SHUNNED BY RA­DIO IN NASHVILLE

The Hamilton Spectator - - GO - KRISTIN M. HALL

NASHVILLE — As a mem­ber of the coun­try trio Pis­tol An­nies, singer­song­writer An­galeena Pres­ley of­ten got ques­tions about the lack of women on coun­try ra­dio, which she re­sponded to with a safe sound bite about mu­si­cal trends be­ing cycli­cal and be­ing hope­ful for change. But pri­vately, she didn’t be­lieve it. “Ev­ery time I would say those things, in my mind I would be go­ing, ‘But it’s not cycli­cal. This is 10 years that we’ve had two or three fe­males any­where in the Top 10,’” Pres­ley said. “But I was scared just like every­body else. And maybe it all started with the whole Dixie Chicks thing.”

Pres­ley is no longer hold­ing back her opin­ions as shown on her brac­ing in­dict­ment of the mu­sic in­dus­try in her new solo al­bum, “Wran­gled,” re­leased last month. Pres­ley fol­lows a wave of out­law fe­male artists in Nashville, Tenn. — in­clud­ing Nikki Lane, Margo Price, Sunny Sweeney and more — who have built their own brands from the ground up and at­tracted a more di­verse crowd of fans with­out the help of ma­jor la­bel mar­ket­ing bud­gets and coun­try ra­dio.

The Ken­tucky-bred singer said the ti­tle song is both a metaphor about the obli­ga­tions of be­ing a work­ing mother, but also be­ing si­lenced as a wo­man in the mu­sic in­dus­try. “It was a way to shed my skin of all that business,” Pres­ley said.

Other fe­male coun­try singers have also found success at re­belling against the mu­sic in­dus­try, but not al­ways last­ing ca­reers. Gretchen Wil­son won a Grammy for her catchy No. 1 sin­gle, “Red­neck Wo­man,” and her 2004 de­but al­bum, “Here for the Party,” went mul­ti­plat­inum. But fame and the in­dus­try moved on quickly af­ter that, and she left Sony Mu­sic af­ter just three al­bums.

One of high­est-sell­ing fe­male bands in Amer­ica, the Dixie Chicks, were boy­cotted by coun­try ra­dio sta­tions for speak­ing against the Iraq War and then Pres­i­dent George W. Bush in 2003. Although they re­cently toured to­gether, they haven’t put out an al­bum since 2006.

In 2015, a ra­dio con­sul­tant com­pared women to toma­toes in a salad in an ar­gu­ment that ra­dio sta­tions should play fe­male artists spar­ingly. Two years later, not much has changed: Only four women had songs on Bill­board’s year-end coun­try air­play chart in 2016.

Orig­i­nally from South Carolina, singer Nikki Lane found her way to Nashville through both New York and Los An­ge­les and gave up a steady job to sing coun­try mu­sic. A fash­ion en­tre­pre­neur, she runs her own vin­tage cloth­ing bou­tique and ap­pears in an ad cam­paign for the True Re­li­gion denim brand.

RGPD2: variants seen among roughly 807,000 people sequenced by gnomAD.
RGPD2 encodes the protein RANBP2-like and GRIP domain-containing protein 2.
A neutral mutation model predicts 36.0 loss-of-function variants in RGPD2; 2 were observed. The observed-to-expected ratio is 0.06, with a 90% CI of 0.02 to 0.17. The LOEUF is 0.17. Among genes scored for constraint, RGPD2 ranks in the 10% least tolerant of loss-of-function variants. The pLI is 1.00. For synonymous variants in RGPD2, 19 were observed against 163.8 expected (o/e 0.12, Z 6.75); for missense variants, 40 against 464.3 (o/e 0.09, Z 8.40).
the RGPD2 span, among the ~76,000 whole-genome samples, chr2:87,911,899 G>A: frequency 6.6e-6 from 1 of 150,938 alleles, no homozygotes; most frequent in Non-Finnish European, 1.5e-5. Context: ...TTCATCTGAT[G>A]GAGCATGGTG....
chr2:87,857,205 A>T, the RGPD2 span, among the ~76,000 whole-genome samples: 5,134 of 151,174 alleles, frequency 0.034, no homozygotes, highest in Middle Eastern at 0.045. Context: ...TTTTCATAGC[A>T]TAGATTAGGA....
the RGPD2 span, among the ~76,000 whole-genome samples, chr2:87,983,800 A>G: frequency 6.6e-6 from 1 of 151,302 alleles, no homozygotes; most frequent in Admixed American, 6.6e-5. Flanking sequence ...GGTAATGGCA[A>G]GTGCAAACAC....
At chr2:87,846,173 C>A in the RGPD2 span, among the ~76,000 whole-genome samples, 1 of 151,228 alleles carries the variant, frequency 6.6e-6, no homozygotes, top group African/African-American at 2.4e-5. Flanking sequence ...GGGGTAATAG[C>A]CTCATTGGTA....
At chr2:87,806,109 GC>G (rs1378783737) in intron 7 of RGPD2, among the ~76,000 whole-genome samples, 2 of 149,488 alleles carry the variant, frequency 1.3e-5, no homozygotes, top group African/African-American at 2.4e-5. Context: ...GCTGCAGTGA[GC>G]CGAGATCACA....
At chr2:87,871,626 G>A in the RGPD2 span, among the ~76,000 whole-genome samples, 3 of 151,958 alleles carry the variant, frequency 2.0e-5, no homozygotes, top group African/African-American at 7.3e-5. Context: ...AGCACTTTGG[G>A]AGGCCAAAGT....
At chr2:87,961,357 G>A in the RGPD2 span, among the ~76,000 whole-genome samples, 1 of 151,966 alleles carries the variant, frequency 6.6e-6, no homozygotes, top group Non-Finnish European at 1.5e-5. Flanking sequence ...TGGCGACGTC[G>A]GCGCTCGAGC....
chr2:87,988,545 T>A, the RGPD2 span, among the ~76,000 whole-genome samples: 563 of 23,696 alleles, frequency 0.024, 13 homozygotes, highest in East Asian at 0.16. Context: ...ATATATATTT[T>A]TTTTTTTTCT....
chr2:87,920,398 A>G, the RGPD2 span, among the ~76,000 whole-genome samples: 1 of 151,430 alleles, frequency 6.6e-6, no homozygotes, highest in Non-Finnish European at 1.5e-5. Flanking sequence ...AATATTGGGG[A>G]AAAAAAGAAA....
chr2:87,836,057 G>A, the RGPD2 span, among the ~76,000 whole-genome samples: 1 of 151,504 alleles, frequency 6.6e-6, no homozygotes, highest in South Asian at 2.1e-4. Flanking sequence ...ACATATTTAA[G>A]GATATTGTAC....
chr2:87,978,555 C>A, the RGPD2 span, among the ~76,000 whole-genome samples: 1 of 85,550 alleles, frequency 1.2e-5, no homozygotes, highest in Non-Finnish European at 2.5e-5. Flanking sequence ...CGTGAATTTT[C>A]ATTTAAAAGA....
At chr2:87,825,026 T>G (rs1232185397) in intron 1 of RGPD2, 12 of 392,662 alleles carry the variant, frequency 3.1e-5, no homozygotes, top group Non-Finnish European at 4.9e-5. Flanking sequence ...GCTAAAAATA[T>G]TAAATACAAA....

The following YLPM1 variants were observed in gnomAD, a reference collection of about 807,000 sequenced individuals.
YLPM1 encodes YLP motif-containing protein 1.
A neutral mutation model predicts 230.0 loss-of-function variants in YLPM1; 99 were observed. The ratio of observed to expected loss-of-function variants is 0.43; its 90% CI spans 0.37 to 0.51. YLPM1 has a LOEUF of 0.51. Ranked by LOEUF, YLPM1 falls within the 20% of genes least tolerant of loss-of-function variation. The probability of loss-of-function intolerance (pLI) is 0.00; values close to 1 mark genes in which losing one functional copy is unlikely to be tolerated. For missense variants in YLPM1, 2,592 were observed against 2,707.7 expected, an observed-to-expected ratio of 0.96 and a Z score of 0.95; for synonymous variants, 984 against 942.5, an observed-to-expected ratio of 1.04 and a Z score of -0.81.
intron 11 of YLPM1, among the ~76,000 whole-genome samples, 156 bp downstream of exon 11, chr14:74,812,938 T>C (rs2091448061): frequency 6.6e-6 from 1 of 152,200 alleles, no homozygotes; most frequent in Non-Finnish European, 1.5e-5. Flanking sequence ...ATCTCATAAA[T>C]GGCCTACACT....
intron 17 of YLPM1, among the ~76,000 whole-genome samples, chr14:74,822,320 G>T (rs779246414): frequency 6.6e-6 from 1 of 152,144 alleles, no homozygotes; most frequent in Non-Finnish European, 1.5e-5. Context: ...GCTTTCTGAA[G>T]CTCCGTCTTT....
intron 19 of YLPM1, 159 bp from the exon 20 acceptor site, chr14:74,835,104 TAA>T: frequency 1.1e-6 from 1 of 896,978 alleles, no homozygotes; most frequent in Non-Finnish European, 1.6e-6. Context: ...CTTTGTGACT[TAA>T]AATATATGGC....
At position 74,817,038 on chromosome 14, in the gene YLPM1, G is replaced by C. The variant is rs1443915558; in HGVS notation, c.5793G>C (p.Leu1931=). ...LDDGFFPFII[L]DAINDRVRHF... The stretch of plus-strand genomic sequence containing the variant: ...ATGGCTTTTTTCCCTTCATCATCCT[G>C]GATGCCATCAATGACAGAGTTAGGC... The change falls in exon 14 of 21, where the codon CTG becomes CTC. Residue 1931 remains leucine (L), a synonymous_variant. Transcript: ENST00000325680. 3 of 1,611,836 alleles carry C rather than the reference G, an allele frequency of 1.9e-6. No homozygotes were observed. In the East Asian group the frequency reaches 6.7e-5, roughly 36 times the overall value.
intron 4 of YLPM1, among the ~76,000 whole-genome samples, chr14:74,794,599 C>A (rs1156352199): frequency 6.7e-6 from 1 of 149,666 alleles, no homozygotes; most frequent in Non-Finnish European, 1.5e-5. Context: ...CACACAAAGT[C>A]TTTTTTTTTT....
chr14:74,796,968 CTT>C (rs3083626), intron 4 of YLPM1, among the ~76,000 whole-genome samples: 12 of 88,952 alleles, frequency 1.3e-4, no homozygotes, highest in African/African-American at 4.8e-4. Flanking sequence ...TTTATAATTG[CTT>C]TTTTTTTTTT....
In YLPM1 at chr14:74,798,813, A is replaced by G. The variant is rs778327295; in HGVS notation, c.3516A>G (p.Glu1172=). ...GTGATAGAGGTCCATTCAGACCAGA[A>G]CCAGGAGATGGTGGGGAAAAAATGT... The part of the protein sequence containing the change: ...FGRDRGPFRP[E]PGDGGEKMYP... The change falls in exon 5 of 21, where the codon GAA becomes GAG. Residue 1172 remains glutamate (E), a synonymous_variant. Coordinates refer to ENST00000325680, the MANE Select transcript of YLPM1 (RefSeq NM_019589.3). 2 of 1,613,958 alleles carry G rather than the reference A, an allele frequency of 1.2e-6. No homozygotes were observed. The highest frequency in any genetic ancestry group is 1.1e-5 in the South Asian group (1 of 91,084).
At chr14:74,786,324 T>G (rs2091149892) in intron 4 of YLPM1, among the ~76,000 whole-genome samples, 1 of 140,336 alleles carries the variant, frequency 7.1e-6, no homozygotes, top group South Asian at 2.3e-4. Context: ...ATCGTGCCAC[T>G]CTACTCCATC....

“It’s a trade-off,” said Lane, who co-pro­duced her al­bum “High­way Queen,” re­leased in Fe­bru­ary. “Am I will­ing to let peo­ple call the shots in ex­change for be­ing on the ra­dio, or am I will­ing to live a dif­fer­ent life but do what I want?”

Lane’s big­gest suc­cesses have come when she col­lab­o­rated out­side her genre, such as record­ing with the Black Keys’ Dan Auer­bach or open­ing for So­cial Dis­tor­tion. She has even crossed over to al­ter­na­tive ra­dio.

“It was like 3,000 40-year-old dudes and a lot of them have their arms crossed,” Lane said of the So­cial Dis­tor­tion tour. “They are sum­ming you up. But now com­ing out on the road, we got more fans from that trip than we may have got­ten do­ing any­thing else.”

His­tor­i­cally, it was men who prof­ited from the out­law moniker. In the 1970s, Way­lon Jen­nings, al­ready a huge star in coun­try mu­sic, grew dis­il­lu­sioned with the Nashville mu­sic bu­reau­cracy and wanted to take more con­trol over his pro­duc­tion. “Wanted! The Out­laws,” fea­tur­ing Jen­nings, Wil­lie Nel­son, Jen­nings’ wife Jessi Colter and Tom­pall Glaser be­came coun­try mu­sic’s first plat­inum record in 1976.

Colter was one of the few women at the cen­tre of the out­law move­ment, which she chron­i­cles in her new au­to­bi­og­ra­phy ti­tled “An Out­law and a Lady,” re­leased last month. Still, she said that her hus­band never re­ally took the la­bel se­ri­ously, but un­der­stood that it was a turn­ing point for coun­try mu­sic.

“It was a time and a place and it will never be again,” Colter said. “It’s been a good mar­ket­ing thing. But it’s re­ally just been over­done and overused.”

Even Pres­ley de­nounces the tag on her song “Out­law,” when she sings that she’s not brave be­cause “ev­ery fight I’ve ever fought and rule I’ve ever broke is out of des­per­a­tion.”

“I do want to be rich and fa­mous and suc­cess­ful and have gold records all hang­ing on my walls,” Pres­ley said. “It’s just that I don’t fit into that for­mula, for some rea­son.”

MARK HUMPHREY, THE AS­SO­CI­ATED PRESS

An­galeena Pres­ley fol­lows a wave of out­law fe­male artists in Nashville who have built their own brands with­out the help of ma­jor la­bel mar­ket­ing bud­gets and coun­try ra­dio.

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